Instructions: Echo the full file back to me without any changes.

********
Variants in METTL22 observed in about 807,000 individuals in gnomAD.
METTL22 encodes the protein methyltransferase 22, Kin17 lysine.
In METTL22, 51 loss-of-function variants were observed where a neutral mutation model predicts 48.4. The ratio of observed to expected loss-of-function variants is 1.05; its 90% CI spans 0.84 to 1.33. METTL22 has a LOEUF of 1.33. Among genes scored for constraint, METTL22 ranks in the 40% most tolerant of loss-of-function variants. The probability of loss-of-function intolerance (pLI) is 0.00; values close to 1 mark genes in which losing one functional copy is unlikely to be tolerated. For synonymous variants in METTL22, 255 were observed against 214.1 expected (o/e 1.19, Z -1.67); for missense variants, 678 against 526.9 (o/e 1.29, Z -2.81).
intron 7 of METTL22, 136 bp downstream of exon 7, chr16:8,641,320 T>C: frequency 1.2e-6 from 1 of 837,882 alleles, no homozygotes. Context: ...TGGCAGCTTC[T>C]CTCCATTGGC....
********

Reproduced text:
Variants in METTL22 observed in about 807,000 individuals in gnomAD.
METTL22 encodes the protein methyltransferase 22, Kin17 lysine.
In METTL22, 51 loss-of-function variants were observed where a neutral mutation model predicts 48.4. The ratio of observed to expected loss-of-function variants is 1.05; its 90% CI spans 0.84 to 1.33. METTL22 has a LOEUF of 1.33. Among genes scored for constraint, METTL22 ranks in the 40% most tolerant of loss-of-function variants. The probability of loss-of-function intolerance (pLI) is 0.00; values close to 1 mark genes in which losing one functional copy is unlikely to be tolerated. For synonymous variants in METTL22, 255 were observed against 214.1 expected (o/e 1.19, Z -1.67); for missense variants, 678 against 526.9 (o/e 1.29, Z -2.81).
intron 7 of METTL22, 136 bp downstream of exon 7, chr16:8,641,320 T>C: frequency 1.2e-6 from 1 of 837,882 alleles, no homozygotes. Context: ...TGGCAGCTTC[T>C]CTCCATTGGC....